Effective instructional leadership by principals typically involves two functions. One is to promote a shared vision throughout the school, focusing on the need to give students academically challenging and meaningful work. The second function is to supervise teachers' instruction, guiding teachers toward particular, effective instructional strategies, and helping them overcome obstacles to the implementation of these strategies. A study has examined how principals have performed these functions in relation to the leadership of middle school mathematics teachers, in four US school districts. System leaders in these districts were implementing an initiative to provide high quality, standards-based instruction in mathematics. Schools were expected to provide intellectually demanding content and pedagogy for all students, in terms of the nature of tasks undertaken by students, and the quality of classroom discussion and student-teacher interactions. Students were to be offered problems-solving activities that called on them to undertake independent, content-rich tasks, and to ‘develop, discuss and defend mathematical arguments’. However, there is a danger that implementation of such initiatives stops at superficial, formal changes. For example a school might see the introduction of group work as successful implementation of an initiative, without bringing about the rich, independent thinking amongst students that group work is intended to accomplish. Evidence for the study was obtained from 30 principals or assistant principals and 122 middle school maths teachers. It included interviews with system leaders, principals, assistant principals and teachers, surveys of teachers, and observational data. During interviews, system leaders articulated a clear understanding of the goals of the initiative. However, most teachers indicated that the visions which their principals had articulated to them related to ‘outward patterns of instruction’, such as ‘the use of group work or hands-on activities’. By contrast, in cases where principals did articulate goals that captured the deeper purposes of the reform initiative, their teachers were also likely to articulate these goals. Some principals were also involved in supervision to guide teachers toward reform-aligned instructional practices. However, the research indicated that such supervision did not make it more likely that their teachers would articulate reform-oriented goals. The author offers possible explanations for this unexpected result. (To access this article, go to the Taylor and Francis home page and type the article title into the search box.)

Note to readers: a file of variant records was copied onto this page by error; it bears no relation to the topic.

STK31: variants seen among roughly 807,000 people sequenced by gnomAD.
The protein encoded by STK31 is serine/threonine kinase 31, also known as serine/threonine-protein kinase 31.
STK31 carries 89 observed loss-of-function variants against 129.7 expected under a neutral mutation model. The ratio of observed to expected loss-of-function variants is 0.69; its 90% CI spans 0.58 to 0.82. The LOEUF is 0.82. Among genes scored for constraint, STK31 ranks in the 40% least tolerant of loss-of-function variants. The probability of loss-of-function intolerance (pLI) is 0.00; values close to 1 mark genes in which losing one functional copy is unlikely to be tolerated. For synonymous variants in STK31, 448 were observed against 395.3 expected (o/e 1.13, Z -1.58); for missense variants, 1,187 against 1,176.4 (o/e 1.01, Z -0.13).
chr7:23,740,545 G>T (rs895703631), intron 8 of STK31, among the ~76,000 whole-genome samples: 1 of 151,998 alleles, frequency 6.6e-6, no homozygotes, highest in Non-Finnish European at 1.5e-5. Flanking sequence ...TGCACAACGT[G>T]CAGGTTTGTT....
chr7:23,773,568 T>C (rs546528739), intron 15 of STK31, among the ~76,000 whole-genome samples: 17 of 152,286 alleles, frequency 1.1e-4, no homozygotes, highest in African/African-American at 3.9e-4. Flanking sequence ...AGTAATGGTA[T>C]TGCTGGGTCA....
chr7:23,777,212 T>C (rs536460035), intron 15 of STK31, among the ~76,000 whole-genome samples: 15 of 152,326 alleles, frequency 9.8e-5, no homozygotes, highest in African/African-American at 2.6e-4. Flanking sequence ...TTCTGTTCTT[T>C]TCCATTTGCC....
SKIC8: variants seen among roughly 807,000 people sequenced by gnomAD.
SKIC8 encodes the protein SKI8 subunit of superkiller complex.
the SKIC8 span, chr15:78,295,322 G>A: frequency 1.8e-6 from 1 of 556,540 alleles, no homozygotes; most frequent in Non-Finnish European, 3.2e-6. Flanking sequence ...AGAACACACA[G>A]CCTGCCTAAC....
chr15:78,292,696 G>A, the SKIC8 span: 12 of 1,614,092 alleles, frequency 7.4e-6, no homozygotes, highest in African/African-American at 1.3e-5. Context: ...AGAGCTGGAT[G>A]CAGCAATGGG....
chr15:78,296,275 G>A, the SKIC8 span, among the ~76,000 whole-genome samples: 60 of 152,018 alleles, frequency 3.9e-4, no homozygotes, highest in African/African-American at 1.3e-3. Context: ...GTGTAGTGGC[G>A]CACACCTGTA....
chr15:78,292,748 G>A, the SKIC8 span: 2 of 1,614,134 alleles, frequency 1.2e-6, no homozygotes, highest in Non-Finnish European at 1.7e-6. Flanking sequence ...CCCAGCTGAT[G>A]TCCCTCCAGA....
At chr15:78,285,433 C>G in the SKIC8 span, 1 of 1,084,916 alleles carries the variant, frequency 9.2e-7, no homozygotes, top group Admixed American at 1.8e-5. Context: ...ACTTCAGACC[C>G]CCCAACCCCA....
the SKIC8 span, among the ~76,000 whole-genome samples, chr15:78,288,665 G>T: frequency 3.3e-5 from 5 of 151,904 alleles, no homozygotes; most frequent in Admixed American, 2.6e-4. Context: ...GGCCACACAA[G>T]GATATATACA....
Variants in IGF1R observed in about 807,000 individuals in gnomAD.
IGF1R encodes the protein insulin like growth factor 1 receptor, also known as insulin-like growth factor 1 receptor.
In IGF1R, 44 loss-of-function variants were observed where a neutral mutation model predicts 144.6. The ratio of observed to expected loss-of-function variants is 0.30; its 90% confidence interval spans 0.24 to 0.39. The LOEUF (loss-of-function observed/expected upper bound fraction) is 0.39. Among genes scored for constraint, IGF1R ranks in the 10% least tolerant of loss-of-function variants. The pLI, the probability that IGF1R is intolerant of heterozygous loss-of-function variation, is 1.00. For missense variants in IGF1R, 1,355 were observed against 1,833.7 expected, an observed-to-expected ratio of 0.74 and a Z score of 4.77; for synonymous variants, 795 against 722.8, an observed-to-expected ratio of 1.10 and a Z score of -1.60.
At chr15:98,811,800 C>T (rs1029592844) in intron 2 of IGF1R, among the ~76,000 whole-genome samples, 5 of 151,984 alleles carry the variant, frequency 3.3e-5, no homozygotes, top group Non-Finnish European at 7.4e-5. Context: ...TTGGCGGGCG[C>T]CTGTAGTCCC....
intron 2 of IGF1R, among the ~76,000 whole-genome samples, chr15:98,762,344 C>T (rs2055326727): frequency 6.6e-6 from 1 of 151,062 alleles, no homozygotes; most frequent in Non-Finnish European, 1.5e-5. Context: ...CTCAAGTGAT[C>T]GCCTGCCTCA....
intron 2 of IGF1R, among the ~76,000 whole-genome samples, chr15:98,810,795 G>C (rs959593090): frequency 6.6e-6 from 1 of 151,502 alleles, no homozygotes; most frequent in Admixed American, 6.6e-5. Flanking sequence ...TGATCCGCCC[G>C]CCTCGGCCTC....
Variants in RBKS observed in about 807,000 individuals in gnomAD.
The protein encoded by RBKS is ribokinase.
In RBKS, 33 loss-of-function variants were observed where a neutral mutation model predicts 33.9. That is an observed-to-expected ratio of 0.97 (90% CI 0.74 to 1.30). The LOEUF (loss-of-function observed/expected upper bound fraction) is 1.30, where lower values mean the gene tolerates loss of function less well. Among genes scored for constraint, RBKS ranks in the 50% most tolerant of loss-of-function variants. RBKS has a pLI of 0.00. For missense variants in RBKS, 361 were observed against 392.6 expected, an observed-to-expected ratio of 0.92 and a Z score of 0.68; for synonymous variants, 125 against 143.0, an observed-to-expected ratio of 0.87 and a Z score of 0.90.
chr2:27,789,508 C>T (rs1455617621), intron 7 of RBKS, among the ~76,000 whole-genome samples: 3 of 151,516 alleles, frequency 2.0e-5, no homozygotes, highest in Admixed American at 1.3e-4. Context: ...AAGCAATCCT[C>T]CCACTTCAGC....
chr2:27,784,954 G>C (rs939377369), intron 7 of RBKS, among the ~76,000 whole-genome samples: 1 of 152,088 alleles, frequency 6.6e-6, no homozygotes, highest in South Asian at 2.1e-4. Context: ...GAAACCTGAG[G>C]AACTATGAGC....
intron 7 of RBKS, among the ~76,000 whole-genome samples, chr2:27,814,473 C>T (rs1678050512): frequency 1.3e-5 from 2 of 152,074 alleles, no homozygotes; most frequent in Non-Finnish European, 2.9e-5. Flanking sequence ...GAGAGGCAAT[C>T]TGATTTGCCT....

Key Learning AreasMathematics
Subject HeadingsSchool principals
Teaching and learning
Volume 58 Number 2; Pages 195–217